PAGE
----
Photographer Captures the Hidden Beauty of Nigerian Brides

Photographer Lakin Ogunbanwo treats photography as his calling. Born in Lagos, Nigeria, Ogunbanwo studied Law before he made the switch to photography in 2012.

“I honestly didn’t choose photography, photography chose me,” he said in an interview with Vogue. “I’ve always liked images (even growing up and for as long as I’ve remembered I’ve always had a camera) and the first time it occurred to me that I could use a camera to produce a distinct feeling was when I made portraits of my sisters.” Now, his striking portraits are featured in glamorous publications like the New York Times, i-D, GQ and Riposte.

In his most recent series, “e wá wo mi” (come look at me), Ogunbanwo photographs Nigerian brides from Yoruba, Igbo, and Hausa-Fulani tribes. Mostly hidden under elaborate headpieces and beaded veils, the brides look mysterious as they are majestic, making for a striking effect.

“This series is my first time using women as subjects,” admitted the photographer. “I am very aware of this as a man, and prefer to engage with this work fully as an outsider. It is important to note that this is an expansion on existing forms of womanhood and femininity, and not a way of defining. I can be inspired by women, and femininity, but I am not seeking to say who has access to this, or what this is.”

Take a look.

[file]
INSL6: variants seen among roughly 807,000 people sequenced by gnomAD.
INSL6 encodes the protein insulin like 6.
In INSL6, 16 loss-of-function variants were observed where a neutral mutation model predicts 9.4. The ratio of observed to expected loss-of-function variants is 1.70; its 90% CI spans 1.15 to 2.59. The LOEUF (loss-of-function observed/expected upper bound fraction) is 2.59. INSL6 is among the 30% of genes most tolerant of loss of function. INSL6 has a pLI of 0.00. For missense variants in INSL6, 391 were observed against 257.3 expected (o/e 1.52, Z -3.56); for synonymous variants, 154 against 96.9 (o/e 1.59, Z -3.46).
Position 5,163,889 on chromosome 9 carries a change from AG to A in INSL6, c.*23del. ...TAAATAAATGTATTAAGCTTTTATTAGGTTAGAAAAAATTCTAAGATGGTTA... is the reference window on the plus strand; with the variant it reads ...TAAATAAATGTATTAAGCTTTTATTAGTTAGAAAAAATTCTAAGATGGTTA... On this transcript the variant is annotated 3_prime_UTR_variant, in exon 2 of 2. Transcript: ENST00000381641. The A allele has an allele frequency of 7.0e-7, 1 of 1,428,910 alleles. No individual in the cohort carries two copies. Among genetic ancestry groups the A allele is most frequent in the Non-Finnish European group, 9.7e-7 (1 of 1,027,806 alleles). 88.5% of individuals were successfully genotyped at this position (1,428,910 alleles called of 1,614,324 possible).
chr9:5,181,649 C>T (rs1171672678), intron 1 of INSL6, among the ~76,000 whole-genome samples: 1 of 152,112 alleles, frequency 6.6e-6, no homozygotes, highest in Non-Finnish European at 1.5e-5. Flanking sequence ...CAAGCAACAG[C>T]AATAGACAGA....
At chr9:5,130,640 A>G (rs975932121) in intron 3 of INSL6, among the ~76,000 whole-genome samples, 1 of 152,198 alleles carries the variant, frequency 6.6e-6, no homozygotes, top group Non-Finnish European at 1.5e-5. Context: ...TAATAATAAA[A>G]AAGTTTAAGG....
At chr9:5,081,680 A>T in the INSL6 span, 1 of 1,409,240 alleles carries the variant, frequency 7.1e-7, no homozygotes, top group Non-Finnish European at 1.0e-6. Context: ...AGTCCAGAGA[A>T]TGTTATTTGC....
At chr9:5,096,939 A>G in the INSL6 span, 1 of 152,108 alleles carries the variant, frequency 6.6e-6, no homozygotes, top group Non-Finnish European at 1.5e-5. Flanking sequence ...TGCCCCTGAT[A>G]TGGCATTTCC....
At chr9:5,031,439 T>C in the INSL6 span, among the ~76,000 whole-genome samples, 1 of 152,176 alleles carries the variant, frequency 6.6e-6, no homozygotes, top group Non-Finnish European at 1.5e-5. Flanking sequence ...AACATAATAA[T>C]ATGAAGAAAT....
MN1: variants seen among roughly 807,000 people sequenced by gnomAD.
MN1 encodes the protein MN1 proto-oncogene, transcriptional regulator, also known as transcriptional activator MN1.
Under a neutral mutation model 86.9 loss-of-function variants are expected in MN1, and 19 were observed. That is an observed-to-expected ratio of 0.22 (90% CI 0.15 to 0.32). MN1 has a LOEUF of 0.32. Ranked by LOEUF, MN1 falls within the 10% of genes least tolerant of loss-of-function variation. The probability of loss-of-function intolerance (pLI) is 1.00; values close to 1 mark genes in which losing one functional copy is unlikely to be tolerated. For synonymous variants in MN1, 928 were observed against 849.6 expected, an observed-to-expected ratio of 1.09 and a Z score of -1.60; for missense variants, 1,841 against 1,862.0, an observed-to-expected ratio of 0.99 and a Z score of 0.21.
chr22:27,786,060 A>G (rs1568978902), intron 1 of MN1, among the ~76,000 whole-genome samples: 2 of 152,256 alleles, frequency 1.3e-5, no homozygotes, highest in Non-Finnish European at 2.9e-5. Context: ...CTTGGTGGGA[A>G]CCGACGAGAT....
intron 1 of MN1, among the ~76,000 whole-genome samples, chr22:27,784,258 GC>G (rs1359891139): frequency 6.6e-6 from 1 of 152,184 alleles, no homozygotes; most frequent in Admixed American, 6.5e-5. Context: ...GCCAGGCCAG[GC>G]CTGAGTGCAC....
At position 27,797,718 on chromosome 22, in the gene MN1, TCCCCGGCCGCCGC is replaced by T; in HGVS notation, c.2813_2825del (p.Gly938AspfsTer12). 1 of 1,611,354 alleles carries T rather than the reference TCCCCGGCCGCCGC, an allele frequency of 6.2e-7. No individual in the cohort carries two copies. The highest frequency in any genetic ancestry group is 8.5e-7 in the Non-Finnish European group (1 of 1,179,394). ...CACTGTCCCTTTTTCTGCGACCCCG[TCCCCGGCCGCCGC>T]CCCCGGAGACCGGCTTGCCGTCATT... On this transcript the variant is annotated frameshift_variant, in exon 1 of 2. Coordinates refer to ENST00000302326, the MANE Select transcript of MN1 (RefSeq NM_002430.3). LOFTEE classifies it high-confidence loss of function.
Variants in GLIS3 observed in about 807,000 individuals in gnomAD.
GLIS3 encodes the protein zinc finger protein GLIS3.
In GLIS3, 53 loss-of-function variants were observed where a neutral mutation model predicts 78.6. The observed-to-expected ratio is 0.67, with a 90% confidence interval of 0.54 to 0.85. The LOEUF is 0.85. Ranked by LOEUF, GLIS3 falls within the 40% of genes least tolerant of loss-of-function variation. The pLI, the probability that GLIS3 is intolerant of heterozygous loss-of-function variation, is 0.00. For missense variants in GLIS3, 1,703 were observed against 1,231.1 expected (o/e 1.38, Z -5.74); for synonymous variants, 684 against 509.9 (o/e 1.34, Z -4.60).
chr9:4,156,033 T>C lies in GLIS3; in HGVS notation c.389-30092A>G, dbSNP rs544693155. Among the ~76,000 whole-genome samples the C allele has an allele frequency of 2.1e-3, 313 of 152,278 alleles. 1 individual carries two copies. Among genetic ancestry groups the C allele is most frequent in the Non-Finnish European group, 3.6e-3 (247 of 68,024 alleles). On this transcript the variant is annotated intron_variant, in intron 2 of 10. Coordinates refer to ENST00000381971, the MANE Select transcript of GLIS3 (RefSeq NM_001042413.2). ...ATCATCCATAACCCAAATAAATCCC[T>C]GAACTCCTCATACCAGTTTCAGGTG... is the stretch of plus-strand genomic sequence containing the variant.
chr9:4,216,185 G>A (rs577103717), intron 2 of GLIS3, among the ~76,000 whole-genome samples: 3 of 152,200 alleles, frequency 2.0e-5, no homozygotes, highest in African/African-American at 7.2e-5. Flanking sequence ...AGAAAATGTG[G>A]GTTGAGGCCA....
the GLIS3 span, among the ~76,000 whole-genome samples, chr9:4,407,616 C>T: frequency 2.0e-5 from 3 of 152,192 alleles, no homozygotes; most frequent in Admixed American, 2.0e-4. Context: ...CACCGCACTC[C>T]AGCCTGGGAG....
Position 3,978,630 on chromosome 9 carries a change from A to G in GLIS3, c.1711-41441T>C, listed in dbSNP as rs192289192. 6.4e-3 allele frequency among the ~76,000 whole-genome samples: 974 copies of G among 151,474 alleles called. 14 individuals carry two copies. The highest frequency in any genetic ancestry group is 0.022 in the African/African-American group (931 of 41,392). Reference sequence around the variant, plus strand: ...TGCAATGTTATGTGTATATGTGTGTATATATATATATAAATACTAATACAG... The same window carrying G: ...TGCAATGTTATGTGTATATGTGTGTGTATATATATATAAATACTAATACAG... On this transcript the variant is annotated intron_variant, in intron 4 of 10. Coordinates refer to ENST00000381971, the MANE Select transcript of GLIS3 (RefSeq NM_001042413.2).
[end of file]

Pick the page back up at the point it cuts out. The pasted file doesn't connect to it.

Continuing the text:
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WHATIFTHEWORLD is pleased to present e wá wo mi (*come look at me) – a new photographic series by Nigerian artist Lakin Ogunbanwo. Central to Ogunbanwo’s latest exploration, is the culture surrounding Nigerian brides and marriage ceremonies. He uses veiled portraiture to document the complexity of his culture, and counteract the West’s monolithic narratives of Africa and women. Ogunbanwo’s interest in expanding the contemporary African visual archive began in 2012 with his acclaimed ongoing project, ‘Are We Good Enough’. In this series, he documents hats worn as cultural signifiers by various ethnic groups in Nigeria. In e wá wo mi Ogunbanwo furthers this investigation by representing the traditional ceremonial wear of the Yoruba, Igbo and Hausa-Fulani tribes, amongst others. Rather than objectively archive these as past-traditions, however, he mimics the pageantry of weddings in present Nigeria. He creates elaborate sets of draped fabric as a backdrop for these brides to perform. The performances these brides carry out are ones of love, familial and cultural pride, feminine strength, and a heterogenous African identity, but they are also the burdens of being wives, mothers and daughters-in-law. The expectation of femininity, and the role of women, are canonised on the wedding day. “From how she dresses, to how she carries herself, to what she is told. She will be fertile, she should be submissive and supportive: These are the things she hears on that day.” Ogunbanwo reflects, “I’ve found weddings to be very performative, and most of the performance generally rests on the bride.” On this day, the bride is admired and observed for her proximity to a constructed womanhood: she is feminine, demure, grateful, emotional, and graceful. Ogunbanwo comments on this by obfuscating the individuality of these women, masking their faces with veils— a style signature to his photography.

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